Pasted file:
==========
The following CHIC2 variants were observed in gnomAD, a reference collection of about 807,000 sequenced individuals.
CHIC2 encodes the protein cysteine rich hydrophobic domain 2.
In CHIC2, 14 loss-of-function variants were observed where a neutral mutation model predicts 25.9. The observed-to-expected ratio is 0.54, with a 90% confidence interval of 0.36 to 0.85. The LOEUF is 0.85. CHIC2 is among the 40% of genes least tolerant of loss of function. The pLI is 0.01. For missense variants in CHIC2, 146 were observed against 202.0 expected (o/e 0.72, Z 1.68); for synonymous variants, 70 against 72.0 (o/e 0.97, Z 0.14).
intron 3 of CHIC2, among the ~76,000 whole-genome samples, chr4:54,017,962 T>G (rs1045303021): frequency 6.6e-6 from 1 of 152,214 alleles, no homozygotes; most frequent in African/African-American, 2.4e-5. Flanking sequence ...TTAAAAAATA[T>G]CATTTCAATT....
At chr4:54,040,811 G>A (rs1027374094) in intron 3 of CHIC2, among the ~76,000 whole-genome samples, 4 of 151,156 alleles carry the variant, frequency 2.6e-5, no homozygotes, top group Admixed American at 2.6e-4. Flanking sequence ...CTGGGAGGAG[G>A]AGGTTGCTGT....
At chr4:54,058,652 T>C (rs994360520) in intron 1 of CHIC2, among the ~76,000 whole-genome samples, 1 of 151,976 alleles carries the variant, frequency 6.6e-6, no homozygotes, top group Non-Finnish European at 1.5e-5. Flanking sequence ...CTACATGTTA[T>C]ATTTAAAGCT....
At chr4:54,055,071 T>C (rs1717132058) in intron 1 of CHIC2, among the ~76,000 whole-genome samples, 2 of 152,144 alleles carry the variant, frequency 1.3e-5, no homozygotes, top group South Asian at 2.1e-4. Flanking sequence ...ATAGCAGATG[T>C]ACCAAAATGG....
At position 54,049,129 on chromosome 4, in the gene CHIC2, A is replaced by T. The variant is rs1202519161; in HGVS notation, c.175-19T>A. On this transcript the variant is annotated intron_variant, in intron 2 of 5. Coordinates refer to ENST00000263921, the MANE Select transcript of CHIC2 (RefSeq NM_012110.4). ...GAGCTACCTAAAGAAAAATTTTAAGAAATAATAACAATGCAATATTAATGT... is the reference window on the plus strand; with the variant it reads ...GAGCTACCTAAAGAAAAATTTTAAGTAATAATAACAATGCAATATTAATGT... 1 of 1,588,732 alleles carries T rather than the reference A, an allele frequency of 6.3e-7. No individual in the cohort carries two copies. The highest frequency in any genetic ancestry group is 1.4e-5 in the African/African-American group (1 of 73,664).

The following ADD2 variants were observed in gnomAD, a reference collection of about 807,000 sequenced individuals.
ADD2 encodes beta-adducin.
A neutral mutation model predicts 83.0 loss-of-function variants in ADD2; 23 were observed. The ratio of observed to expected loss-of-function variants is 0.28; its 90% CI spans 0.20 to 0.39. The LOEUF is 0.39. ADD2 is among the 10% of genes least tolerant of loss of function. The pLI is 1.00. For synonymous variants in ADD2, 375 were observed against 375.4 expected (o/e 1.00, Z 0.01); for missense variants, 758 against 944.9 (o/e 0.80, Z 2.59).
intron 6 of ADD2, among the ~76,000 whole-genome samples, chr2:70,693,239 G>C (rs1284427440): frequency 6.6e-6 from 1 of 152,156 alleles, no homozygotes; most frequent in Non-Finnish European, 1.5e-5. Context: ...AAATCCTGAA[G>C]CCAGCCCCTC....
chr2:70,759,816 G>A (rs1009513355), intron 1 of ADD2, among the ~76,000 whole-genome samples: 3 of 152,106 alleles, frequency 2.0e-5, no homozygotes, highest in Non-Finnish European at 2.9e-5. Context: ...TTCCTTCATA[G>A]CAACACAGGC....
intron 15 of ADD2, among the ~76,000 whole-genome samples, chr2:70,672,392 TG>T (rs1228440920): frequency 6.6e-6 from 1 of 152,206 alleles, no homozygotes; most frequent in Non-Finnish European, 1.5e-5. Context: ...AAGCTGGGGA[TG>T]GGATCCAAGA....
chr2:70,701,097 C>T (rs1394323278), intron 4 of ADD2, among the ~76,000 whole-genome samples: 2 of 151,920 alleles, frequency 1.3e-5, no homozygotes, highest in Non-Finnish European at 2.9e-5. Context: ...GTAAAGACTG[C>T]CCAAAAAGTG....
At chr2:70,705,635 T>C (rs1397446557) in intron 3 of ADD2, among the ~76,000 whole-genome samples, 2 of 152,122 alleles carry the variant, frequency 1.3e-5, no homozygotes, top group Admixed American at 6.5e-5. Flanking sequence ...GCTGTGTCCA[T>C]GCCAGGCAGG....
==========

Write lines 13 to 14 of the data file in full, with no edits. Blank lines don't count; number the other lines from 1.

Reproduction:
chr2:70,759,816 G>A (rs1009513355), intron 1 of ADD2, among the ~76,000 whole-genome samples: 3 of 152,106 alleles, frequency 2.0e-5, no homozygotes, highest in Non-Finnish European at 2.9e-5. Context: ...TTCCTTCATA[G>A]CAACACAGGC....
intron 15 of ADD2, among the ~76,000 whole-genome samples, chr2:70,672,392 TG>T (rs1228440920): frequency 6.6e-6 from 1 of 152,206 alleles, no homozygotes; most frequent in Non-Finnish European, 1.5e-5. Context: ...AAGCTGGGGA[TG>T]GGATCCAAGA....